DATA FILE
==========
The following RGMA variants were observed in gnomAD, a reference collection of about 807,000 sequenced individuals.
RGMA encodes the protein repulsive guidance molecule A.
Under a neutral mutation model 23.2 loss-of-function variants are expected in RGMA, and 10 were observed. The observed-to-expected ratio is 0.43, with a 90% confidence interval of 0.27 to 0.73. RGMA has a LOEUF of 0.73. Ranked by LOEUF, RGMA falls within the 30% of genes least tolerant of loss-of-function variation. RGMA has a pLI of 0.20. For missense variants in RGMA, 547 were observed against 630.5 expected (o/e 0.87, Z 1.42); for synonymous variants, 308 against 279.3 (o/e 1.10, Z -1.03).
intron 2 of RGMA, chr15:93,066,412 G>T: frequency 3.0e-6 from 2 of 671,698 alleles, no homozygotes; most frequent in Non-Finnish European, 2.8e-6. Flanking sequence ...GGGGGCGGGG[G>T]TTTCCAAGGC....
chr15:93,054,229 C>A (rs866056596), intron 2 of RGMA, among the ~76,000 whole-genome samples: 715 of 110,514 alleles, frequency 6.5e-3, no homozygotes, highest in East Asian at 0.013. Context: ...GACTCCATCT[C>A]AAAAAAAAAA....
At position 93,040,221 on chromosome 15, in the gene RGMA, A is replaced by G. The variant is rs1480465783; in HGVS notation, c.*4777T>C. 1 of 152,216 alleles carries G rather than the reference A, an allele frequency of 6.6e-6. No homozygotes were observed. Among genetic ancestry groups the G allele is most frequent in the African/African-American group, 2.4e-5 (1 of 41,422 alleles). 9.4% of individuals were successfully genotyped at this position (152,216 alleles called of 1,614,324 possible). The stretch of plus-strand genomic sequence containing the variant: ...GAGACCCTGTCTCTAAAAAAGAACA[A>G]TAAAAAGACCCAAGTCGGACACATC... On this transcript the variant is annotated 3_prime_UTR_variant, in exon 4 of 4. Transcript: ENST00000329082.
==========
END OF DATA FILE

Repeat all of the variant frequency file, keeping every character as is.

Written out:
The following RGMA variants were observed in gnomAD, a reference collection of about 807,000 sequenced individuals.
RGMA encodes the protein repulsive guidance molecule A.
Under a neutral mutation model 23.2 loss-of-function variants are expected in RGMA, and 10 were observed. The observed-to-expected ratio is 0.43, with a 90% confidence interval of 0.27 to 0.73. RGMA has a LOEUF of 0.73. Ranked by LOEUF, RGMA falls within the 30% of genes least tolerant of loss-of-function variation. RGMA has a pLI of 0.20. For missense variants in RGMA, 547 were observed against 630.5 expected (o/e 0.87, Z 1.42); for synonymous variants, 308 against 279.3 (o/e 1.10, Z -1.03).
intron 2 of RGMA, chr15:93,066,412 G>T: frequency 3.0e-6 from 2 of 671,698 alleles, no homozygotes; most frequent in Non-Finnish European, 2.8e-6. Flanking sequence ...GGGGGCGGGG[G>T]TTTCCAAGGC....
chr15:93,054,229 C>A (rs866056596), intron 2 of RGMA, among the ~76,000 whole-genome samples: 715 of 110,514 alleles, frequency 6.5e-3, no homozygotes, highest in East Asian at 0.013. Context: ...GACTCCATCT[C>A]AAAAAAAAAA....
At position 93,040,221 on chromosome 15, in the gene RGMA, A is replaced by G. The variant is rs1480465783; in HGVS notation, c.*4777T>C. 1 of 152,216 alleles carries G rather than the reference A, an allele frequency of 6.6e-6. No homozygotes were observed. Among genetic ancestry groups the G allele is most frequent in the African/African-American group, 2.4e-5 (1 of 41,422 alleles). 9.4% of individuals were successfully genotyped at this position (152,216 alleles called of 1,614,324 possible). The stretch of plus-strand genomic sequence containing the variant: ...GAGACCCTGTCTCTAAAAAAGAACA[A>G]TAAAAAGACCCAAGTCGGACACATC... On this transcript the variant is annotated 3_prime_UTR_variant, in exon 4 of 4. Transcript: ENST00000329082.